The user benefits of moving to a pay-as-you-go cloud-based offering such as Office 365 or Google Docs applications are pretty compelling, not just because you can move costs from capex to opex, but also because you can offload the support and hardware overhead to a third party.
Resellers are figuring out how they should adapt their businesses and use their current product experience and expertise to exploit the new opportunities the cloud may offer.
Clearly, many smaller businesses will still require day-to-day IT support from a partner. Users will still need some type of end-point device and a point of connection configured with the right amount of bandwidth. But this may not plug the hole in channel revenues.
Many early adopters are finding out, I believe, that the cloud experience can be less than perfect, particularly at peak times. So specialist WAN optimisation products and services will definitely come more to the fore.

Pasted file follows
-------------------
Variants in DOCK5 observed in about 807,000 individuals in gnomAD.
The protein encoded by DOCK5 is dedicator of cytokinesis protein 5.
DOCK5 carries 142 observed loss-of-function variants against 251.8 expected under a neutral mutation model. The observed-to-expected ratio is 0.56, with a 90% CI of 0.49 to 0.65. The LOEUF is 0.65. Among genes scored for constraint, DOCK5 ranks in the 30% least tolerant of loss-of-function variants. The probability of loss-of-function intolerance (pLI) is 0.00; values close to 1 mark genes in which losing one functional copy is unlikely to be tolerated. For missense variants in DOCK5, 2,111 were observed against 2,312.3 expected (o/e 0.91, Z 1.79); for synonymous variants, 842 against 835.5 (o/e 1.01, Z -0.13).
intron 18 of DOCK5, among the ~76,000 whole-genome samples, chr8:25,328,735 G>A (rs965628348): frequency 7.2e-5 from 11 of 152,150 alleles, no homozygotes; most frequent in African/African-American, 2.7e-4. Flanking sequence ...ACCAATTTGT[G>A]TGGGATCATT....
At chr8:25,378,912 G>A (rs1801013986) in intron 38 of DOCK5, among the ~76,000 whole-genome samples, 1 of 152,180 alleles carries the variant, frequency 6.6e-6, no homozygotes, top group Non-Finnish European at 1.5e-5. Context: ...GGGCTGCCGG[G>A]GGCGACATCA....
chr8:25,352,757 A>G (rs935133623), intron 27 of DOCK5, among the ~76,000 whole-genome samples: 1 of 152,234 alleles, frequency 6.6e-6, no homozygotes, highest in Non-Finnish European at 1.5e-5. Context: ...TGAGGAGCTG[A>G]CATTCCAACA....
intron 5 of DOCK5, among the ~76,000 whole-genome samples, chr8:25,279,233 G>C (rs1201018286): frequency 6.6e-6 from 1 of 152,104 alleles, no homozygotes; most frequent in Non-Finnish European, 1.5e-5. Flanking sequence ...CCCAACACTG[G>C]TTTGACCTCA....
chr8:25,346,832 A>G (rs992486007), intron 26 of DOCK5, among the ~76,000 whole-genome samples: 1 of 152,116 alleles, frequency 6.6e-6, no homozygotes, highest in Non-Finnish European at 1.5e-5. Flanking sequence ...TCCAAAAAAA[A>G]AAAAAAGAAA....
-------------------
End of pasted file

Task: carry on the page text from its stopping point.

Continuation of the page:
Alongside Quality of Service (QoS), security is frequently cited as an inhibitor to full-scale cloud adoption. Businesses quite rightly are concerned about surrendering control of critical data to a third party, particularly when the physical location could be anywhere.
Companies with the resources of Microsoft, Google, or Amazon can afford to triple-lock down their datacentres. Yet hackers can and do find ways into even the most secure networks.
As Sony and RSA found out last year, even the most heavily fortified network is only as strong as its weakest link. Most SaaS users share a common interface and password authentication as the default access route. Furthermore, many companies do not realise they do not have to accept one-size-fits-all security policies in a standard package offered by cloud providers.
Since these security issues do not seem to be slowing down the rate of cloud adoption to any significant degree, this means, I think, that agile resellers should introduce innovative services that boost cloud security.
In practice, this means working with organisations to cover the whole of the corporate IT infrastructure - LAN, WAN, and cloud.
Yes, it will take some effort and re-skilling in some cases, but the alternative is an inevitable decline as the rest of the market moves on into the clouds.
Sarah McNicol is UK channel director at Swivel Secure
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